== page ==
5 Ways to Know If You Have an Insight or Observation

Filed Under: Best Practices, Market Research, Reporting


Robert Relihan

For as long as the phrase “Consumer Insight” has been used, I am amazed that I still see discussions of its meaning. Don’t we all know what an “insight” is by now?

Well, maybe not. The word certainly has been overused; every observation about consumer behavior and attitudes becomes an “insight.”

And, unlike a mere finding, it has an air of inevitability, not to be questioned. Perhaps, the use of “insight” is an example of language creep –using words of greater and greater intensity to describe our actions in an attempt to endow them with more importance than they deserve. It is a bit like using wind chill factors to convince ourselves that winters are re-e-e-ally cold now.

Yet, the word is useful. Who doesn’t want to get into the head of a consumer? That’s what an insight is — an authentic vision of how consumers view themselves and connect with brands or categories.

So, here’s five ways to know you have a true insight and not a mere observation.

  1. An insight is clear and simple. One short, declarative sentence is best. If you need three sentences to explain it, you don’t have an insight. Most of all, it can’t be a multi-layered, logical construct. A syllogism is not an insight.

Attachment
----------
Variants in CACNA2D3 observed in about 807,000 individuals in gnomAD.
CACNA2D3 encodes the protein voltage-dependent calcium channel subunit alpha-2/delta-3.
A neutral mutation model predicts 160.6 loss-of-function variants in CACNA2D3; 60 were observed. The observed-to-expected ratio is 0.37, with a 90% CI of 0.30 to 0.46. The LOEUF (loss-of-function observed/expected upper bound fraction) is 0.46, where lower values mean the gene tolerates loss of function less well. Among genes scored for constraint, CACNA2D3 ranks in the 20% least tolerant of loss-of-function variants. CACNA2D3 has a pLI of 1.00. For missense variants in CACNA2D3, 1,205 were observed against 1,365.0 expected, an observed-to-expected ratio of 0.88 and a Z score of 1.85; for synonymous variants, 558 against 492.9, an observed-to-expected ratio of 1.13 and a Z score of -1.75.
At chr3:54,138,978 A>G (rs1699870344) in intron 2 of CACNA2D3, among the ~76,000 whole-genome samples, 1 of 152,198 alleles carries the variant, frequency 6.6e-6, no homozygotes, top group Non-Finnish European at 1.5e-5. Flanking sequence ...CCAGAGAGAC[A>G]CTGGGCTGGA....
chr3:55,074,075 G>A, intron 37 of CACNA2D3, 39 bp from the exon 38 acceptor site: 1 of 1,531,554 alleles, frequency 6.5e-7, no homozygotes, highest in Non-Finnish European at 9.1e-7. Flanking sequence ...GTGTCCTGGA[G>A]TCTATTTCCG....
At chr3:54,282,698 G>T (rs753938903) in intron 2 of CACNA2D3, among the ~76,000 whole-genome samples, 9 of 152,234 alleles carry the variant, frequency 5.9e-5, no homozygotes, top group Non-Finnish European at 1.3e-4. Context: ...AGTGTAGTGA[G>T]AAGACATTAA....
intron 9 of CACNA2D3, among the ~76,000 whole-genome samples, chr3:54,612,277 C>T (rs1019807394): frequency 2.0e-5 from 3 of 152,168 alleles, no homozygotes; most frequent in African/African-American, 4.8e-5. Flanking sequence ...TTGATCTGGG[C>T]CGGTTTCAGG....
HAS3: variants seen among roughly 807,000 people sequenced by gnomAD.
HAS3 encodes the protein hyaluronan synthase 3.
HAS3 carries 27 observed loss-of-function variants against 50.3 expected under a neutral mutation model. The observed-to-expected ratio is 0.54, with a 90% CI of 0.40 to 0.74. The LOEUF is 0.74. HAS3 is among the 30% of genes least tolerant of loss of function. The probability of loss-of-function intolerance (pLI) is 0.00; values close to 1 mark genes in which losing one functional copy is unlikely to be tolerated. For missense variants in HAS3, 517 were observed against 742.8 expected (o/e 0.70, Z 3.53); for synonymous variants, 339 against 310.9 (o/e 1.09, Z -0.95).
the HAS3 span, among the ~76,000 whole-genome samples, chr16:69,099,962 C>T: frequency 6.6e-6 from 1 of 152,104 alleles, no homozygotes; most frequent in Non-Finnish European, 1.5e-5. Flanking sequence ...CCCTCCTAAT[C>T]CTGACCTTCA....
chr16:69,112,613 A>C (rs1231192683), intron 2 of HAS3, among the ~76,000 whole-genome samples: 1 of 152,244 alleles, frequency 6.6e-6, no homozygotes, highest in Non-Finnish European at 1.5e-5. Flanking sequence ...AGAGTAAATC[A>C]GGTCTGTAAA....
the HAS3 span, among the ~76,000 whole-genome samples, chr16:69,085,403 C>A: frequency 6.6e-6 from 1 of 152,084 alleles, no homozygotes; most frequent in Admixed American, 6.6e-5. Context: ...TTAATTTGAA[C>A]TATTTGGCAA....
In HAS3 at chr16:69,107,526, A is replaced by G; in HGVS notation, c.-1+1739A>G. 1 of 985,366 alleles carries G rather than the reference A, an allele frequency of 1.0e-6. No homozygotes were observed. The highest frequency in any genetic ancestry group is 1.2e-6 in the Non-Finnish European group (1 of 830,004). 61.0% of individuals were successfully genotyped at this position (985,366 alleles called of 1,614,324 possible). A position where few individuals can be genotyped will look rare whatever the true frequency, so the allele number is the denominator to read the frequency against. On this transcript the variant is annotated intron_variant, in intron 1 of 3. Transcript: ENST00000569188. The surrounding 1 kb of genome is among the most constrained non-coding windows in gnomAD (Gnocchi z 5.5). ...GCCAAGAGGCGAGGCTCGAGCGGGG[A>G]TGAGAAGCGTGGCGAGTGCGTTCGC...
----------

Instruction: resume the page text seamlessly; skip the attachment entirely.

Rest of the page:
2. An insight is a surprise. You may discover insights, but you can’t necessarily search for them. Insights into the consumer give us new and fresh perspectives; they are unexpected. Consequently, we are more likely to discover insights by being open and not wedded to particular methods.
  3. An insight is a game changer. If an insight is a surprise, if it gives us an unexpected vision, it must drive the development of different products and different ways of communicating them. The recognition that consumers wanted small indulgences in every category transformed the coffee shop into Starbucks.
  4. An insight is often a mash up. How can you be surprised? How can you be open to discovery? If there is one rule to developing insights (I resist calling it a method), it is that you need to combine perspectives. You might never have had that “Starbuck moment” watching people getting coffee in traditional coffee shops. But, if you also observed them in bakeries and wine bars, the light would go off…insight.
  5. An insight is not immediately translatable. We have spent most of our careers looking for “actionable results.” It is a laudable goal and, in many circumstances, it is an essential goal. What good would a taste test be without actionable findings? But, if insights are surprising, game changers, they may not have a direct immediate utility. We need to be prepared to follow the insight, to push the insight to its ultimate game-changing conclusion.
  6. Check us out at C+R and discover how we can be your partner on that journey of discovery, from insight to game-changing conclusion.

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